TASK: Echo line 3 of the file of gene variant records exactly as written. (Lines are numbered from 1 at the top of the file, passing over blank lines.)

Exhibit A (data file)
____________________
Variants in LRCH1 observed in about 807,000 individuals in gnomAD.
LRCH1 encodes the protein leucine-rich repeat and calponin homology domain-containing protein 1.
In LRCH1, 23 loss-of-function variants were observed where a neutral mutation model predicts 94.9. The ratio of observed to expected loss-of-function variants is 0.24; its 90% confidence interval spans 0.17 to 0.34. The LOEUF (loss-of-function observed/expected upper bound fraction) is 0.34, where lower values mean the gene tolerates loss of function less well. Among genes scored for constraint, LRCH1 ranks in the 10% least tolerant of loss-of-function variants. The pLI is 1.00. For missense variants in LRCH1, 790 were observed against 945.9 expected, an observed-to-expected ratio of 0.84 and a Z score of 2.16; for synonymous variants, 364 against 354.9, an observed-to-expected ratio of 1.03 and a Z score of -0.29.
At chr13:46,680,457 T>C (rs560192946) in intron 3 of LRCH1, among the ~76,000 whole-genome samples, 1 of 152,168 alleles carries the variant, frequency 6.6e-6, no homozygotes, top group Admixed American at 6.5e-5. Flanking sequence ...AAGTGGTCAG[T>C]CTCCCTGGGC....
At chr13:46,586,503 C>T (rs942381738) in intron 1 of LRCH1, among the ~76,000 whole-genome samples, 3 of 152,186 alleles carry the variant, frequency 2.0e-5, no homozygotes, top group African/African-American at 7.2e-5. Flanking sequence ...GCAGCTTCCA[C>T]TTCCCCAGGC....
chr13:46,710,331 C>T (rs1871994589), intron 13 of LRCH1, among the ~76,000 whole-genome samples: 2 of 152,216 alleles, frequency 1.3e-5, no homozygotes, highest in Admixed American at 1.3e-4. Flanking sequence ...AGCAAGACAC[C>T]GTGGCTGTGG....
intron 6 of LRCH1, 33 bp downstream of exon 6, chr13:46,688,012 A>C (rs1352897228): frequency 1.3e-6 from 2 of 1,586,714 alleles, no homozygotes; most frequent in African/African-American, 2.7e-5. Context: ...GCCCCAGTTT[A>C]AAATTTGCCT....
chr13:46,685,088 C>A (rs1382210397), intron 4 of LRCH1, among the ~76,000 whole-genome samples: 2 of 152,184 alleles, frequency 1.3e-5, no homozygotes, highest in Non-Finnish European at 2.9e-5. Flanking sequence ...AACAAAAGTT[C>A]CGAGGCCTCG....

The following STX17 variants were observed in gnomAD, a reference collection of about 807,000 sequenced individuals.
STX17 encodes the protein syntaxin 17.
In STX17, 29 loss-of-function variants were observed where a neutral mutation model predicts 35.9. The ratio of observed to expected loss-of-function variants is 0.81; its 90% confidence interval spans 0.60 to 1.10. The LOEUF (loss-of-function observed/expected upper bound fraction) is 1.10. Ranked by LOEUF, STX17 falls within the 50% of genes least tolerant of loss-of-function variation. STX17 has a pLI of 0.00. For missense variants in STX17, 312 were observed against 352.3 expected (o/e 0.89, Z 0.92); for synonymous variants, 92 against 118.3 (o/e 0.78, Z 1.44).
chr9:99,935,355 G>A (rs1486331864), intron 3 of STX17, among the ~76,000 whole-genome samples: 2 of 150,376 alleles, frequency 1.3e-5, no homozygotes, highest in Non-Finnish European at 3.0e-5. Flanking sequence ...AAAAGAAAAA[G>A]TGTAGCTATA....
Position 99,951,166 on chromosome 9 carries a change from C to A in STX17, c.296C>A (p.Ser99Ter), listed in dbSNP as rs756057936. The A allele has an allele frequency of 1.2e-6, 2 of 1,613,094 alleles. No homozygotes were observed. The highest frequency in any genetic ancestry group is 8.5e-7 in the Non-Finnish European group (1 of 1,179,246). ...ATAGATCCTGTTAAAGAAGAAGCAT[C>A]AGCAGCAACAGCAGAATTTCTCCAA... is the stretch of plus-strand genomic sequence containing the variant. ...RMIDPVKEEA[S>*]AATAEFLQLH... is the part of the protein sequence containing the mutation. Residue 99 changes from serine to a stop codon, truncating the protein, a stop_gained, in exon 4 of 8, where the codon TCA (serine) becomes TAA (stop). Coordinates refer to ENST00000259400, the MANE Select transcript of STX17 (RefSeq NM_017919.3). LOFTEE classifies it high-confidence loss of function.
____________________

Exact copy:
In LRCH1, 23 loss-of-function variants were observed where a neutral mutation model predicts 94.9. The ratio of observed to expected loss-of-function variants is 0.24; its 90% confidence interval spans 0.17 to 0.34. The LOEUF (loss-of-function observed/expected upper bound fraction) is 0.34, where lower values mean the gene tolerates loss of function less well. Among genes scored for constraint, LRCH1 ranks in the 10% least tolerant of loss-of-function variants. The pLI is 1.00. For missense variants in LRCH1, 790 were observed against 945.9 expected, an observed-to-expected ratio of 0.84 and a Z score of 2.16; for synonymous variants, 364 against 354.9, an observed-to-expected ratio of 1.03 and a Z score of -0.29.